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TIGR, Sanger Say Diarrhea Amoeba Nastier Than Thought

NEW YORK, Feb. 23 (GenomeWeb News) - The Institute for Genomic Research and the Wellcome Trust Sanger Institute have learned that a parasitic amoeba that causes severe diarrheal disease in developing countries has a combination of sensory genes and bacteria-like genes that make its biology unusual.

 

The two institutes will publish the results of their findings on the genome sequence of Entamoeba histolytica in the Feb. 24 issue of Nature in what they claim is the first genome-wide study of an amoeba and the first genome sequence to be published from this amoeba's class of amitochondrial human pathogens.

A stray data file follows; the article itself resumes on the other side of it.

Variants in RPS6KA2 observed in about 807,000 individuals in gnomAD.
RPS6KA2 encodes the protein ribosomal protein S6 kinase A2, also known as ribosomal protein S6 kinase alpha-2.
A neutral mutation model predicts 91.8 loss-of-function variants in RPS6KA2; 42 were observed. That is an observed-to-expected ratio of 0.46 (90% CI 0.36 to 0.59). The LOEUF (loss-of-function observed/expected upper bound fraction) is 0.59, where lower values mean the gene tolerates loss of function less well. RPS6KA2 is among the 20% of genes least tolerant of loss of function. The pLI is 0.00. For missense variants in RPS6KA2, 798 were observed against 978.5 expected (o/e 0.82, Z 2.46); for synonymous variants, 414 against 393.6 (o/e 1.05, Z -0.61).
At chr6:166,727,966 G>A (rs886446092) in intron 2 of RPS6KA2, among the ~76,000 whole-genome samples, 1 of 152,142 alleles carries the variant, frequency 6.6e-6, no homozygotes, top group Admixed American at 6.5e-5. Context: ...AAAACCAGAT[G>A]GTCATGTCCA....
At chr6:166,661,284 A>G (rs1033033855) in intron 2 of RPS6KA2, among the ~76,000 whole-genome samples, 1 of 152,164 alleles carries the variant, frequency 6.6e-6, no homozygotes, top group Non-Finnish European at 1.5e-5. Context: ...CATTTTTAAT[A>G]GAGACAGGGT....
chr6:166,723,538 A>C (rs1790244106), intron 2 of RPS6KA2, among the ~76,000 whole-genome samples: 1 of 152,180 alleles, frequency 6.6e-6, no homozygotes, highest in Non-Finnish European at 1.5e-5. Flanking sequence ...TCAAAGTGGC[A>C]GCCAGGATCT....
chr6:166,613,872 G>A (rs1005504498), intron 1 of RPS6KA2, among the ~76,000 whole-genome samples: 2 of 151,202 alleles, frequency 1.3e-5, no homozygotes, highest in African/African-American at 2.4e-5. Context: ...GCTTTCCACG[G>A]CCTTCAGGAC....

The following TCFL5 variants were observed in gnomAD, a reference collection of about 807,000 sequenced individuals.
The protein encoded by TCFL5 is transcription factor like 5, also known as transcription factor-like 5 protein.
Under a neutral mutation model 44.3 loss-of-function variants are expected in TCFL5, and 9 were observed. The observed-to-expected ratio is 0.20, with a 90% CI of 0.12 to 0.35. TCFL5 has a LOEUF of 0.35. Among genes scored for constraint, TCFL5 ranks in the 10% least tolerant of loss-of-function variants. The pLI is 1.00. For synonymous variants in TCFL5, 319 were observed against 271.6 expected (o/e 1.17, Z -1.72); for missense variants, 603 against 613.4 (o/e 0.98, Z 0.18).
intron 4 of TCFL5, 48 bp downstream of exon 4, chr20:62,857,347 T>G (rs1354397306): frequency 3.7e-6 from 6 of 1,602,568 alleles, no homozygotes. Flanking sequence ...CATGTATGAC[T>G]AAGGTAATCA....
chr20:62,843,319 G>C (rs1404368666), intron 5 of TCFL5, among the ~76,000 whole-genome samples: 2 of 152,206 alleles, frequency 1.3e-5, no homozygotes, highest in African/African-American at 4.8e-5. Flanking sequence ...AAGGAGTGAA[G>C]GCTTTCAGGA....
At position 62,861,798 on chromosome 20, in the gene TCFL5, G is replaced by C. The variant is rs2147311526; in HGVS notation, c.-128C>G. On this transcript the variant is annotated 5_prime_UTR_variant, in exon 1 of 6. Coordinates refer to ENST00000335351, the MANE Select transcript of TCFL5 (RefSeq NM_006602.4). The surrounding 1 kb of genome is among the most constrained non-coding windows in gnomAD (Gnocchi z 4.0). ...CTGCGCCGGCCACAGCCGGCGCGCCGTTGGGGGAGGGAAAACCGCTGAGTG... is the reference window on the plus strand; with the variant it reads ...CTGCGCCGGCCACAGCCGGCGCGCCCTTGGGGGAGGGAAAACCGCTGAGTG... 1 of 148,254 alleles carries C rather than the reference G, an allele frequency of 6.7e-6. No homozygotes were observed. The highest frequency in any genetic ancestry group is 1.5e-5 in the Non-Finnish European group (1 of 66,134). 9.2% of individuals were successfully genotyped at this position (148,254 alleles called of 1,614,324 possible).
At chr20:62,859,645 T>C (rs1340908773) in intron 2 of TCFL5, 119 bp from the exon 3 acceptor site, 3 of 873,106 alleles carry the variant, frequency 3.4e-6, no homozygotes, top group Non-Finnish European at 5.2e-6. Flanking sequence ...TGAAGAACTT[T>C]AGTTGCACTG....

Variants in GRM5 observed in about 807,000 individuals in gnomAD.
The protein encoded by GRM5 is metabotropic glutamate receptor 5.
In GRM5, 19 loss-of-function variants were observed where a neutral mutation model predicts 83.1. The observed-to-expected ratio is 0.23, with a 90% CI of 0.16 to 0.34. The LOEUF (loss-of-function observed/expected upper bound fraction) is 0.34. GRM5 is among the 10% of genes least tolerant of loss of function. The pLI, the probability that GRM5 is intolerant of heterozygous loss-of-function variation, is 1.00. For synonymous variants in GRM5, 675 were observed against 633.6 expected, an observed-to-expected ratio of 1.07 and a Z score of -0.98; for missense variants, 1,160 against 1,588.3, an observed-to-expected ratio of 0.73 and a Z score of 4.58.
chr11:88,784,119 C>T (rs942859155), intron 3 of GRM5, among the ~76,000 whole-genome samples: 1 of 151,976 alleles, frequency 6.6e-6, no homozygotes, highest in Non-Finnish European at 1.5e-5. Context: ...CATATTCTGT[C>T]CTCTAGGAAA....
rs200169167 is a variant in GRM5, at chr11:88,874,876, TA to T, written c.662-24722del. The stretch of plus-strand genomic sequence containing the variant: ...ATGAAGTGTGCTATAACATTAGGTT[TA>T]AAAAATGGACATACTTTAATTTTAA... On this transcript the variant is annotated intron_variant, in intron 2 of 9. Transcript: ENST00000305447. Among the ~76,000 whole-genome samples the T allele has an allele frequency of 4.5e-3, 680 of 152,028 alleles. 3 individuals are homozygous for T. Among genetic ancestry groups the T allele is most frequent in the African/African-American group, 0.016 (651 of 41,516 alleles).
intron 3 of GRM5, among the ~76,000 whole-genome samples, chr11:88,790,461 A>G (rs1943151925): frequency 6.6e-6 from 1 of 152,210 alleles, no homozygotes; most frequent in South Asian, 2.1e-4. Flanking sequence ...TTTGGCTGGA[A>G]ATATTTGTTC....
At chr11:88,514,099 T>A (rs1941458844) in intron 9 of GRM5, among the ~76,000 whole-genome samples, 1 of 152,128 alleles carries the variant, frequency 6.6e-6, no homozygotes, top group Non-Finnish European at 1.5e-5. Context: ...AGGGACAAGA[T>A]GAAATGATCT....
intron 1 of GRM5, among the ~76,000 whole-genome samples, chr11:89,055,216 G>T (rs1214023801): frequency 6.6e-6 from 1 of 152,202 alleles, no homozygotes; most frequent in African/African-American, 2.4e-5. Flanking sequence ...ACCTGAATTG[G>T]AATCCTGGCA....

The duo of institutes expect the genome sequence to help in the development of new vaccines as well as diagnostic tests that can distinguish the amoeba's most deadly strains. The two say E. histolytica, which causes a disease called amebiasis, infects an estimated 50 million people and causes as many as 100,000 deaths a year -- second only to malaria as a cause of morbidity and mortality from a protist.

 

The research that led to the discovery was funded by grants from Wellcome Trust and the National Institutes of Health.

The Scan

Shape of Them All

According to BBC News, researchers have developed a protein structure database that includes much of the human proteome.

For Flu and More

The Wall Street Journal reports that several vaccine developers are working on mRNA-based vaccines for influenza.

To Boost Women

China's Ministry of Science and Technology aims to boost the number of female researchers through a new policy, reports the South China Morning Post.

Science Papers Describe Approach to Predict Chemotherapeutic Response, Role of Transcriptional Noise

In Science this week: neural network to predict chemotherapeutic response in cancer patients, and more.